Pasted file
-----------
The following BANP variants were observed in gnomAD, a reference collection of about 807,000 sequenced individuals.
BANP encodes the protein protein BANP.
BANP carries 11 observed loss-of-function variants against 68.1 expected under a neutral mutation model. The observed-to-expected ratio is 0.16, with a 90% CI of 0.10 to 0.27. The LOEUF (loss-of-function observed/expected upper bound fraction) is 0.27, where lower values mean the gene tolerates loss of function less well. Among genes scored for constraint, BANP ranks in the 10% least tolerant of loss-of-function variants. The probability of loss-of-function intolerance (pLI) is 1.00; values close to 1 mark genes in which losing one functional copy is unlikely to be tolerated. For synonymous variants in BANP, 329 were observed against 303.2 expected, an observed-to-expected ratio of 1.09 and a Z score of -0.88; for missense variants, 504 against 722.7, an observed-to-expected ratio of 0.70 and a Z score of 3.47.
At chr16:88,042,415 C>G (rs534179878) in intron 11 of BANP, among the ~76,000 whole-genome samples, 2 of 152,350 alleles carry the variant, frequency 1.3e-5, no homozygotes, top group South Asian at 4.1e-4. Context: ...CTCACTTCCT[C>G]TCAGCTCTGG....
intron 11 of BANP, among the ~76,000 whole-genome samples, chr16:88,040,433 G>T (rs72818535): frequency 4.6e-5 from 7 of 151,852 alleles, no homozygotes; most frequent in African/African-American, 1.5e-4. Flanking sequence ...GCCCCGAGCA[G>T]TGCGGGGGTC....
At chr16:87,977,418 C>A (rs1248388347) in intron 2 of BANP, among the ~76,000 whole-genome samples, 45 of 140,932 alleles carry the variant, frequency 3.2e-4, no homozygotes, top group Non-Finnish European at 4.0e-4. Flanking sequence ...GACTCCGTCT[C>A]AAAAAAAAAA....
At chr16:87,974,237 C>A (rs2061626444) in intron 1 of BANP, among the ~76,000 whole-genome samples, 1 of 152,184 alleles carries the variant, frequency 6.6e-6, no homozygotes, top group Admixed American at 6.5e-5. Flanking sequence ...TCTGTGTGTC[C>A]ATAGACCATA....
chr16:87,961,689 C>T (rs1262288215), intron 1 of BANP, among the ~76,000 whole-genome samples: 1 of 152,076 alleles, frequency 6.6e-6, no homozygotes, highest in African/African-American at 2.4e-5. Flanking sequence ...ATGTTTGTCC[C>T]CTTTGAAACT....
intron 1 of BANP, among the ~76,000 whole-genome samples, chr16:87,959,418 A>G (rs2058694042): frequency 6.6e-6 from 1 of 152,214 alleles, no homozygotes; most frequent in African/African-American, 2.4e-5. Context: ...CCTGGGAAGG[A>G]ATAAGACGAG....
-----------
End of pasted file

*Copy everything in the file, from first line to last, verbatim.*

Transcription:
The following BANP variants were observed in gnomAD, a reference collection of about 807,000 sequenced individuals.
BANP encodes the protein protein BANP.
BANP carries 11 observed loss-of-function variants against 68.1 expected under a neutral mutation model. The observed-to-expected ratio is 0.16, with a 90% CI of 0.10 to 0.27. The LOEUF (loss-of-function observed/expected upper bound fraction) is 0.27, where lower values mean the gene tolerates loss of function less well. Among genes scored for constraint, BANP ranks in the 10% least tolerant of loss-of-function variants. The probability of loss-of-function intolerance (pLI) is 1.00; values close to 1 mark genes in which losing one functional copy is unlikely to be tolerated. For synonymous variants in BANP, 329 were observed against 303.2 expected, an observed-to-expected ratio of 1.09 and a Z score of -0.88; for missense variants, 504 against 722.7, an observed-to-expected ratio of 0.70 and a Z score of 3.47.
At chr16:88,042,415 C>G (rs534179878) in intron 11 of BANP, among the ~76,000 whole-genome samples, 2 of 152,350 alleles carry the variant, frequency 1.3e-5, no homozygotes, top group South Asian at 4.1e-4. Context: ...CTCACTTCCT[C>G]TCAGCTCTGG....
intron 11 of BANP, among the ~76,000 whole-genome samples, chr16:88,040,433 G>T (rs72818535): frequency 4.6e-5 from 7 of 151,852 alleles, no homozygotes; most frequent in African/African-American, 1.5e-4. Flanking sequence ...GCCCCGAGCA[G>T]TGCGGGGGTC....
At chr16:87,977,418 C>A (rs1248388347) in intron 2 of BANP, among the ~76,000 whole-genome samples, 45 of 140,932 alleles carry the variant, frequency 3.2e-4, no homozygotes, top group Non-Finnish European at 4.0e-4. Flanking sequence ...GACTCCGTCT[C>A]AAAAAAAAAA....
At chr16:87,974,237 C>A (rs2061626444) in intron 1 of BANP, among the ~76,000 whole-genome samples, 1 of 152,184 alleles carries the variant, frequency 6.6e-6, no homozygotes, top group Admixed American at 6.5e-5. Flanking sequence ...TCTGTGTGTC[C>A]ATAGACCATA....
chr16:87,961,689 C>T (rs1262288215), intron 1 of BANP, among the ~76,000 whole-genome samples: 1 of 152,076 alleles, frequency 6.6e-6, no homozygotes, highest in African/African-American at 2.4e-5. Flanking sequence ...ATGTTTGTCC[C>T]CTTTGAAACT....
intron 1 of BANP, among the ~76,000 whole-genome samples, chr16:87,959,418 A>G (rs2058694042): frequency 6.6e-6 from 1 of 152,214 alleles, no homozygotes; most frequent in African/African-American, 2.4e-5. Context: ...CCTGGGAAGG[A>G]ATAAGACGAG....